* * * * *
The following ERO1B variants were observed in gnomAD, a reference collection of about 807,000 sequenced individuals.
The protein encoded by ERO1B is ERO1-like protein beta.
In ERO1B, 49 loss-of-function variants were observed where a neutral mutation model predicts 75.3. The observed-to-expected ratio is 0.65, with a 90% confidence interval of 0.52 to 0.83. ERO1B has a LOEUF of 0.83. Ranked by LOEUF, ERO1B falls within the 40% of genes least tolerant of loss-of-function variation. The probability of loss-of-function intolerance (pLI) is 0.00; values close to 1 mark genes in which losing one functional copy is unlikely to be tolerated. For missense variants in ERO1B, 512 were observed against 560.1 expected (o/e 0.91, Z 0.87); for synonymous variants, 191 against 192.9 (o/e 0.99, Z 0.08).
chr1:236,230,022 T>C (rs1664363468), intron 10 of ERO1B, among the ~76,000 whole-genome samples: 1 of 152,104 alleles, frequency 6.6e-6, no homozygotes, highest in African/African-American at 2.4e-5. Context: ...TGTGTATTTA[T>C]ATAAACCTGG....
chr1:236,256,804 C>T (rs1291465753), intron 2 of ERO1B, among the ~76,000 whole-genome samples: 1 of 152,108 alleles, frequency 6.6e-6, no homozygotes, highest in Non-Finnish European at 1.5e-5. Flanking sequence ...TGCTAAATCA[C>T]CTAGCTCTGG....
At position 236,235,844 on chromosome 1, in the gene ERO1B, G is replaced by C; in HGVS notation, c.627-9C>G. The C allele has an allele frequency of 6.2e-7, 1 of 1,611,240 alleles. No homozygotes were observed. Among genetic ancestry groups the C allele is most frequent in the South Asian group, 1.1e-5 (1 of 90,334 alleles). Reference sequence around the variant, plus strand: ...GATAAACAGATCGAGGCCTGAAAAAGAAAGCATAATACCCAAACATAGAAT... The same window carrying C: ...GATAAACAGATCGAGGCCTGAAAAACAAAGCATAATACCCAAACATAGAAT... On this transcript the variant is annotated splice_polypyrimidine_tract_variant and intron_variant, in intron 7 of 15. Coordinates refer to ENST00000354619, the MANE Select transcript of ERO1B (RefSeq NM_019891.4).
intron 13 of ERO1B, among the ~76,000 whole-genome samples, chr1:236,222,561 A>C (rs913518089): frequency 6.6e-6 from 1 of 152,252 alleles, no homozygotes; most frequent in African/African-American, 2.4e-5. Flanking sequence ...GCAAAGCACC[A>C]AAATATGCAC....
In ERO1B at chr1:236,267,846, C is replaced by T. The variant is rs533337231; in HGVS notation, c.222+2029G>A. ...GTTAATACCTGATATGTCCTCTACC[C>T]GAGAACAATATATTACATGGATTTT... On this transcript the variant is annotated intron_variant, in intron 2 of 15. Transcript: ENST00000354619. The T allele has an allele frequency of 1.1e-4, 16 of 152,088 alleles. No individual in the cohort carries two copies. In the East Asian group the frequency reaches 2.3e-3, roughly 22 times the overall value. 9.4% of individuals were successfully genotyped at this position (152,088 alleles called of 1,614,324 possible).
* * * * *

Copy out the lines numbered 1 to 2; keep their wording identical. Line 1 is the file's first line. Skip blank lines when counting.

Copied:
The following ERO1B variants were observed in gnomAD, a reference collection of about 807,000 sequenced individuals.
The protein encoded by ERO1B is ERO1-like protein beta.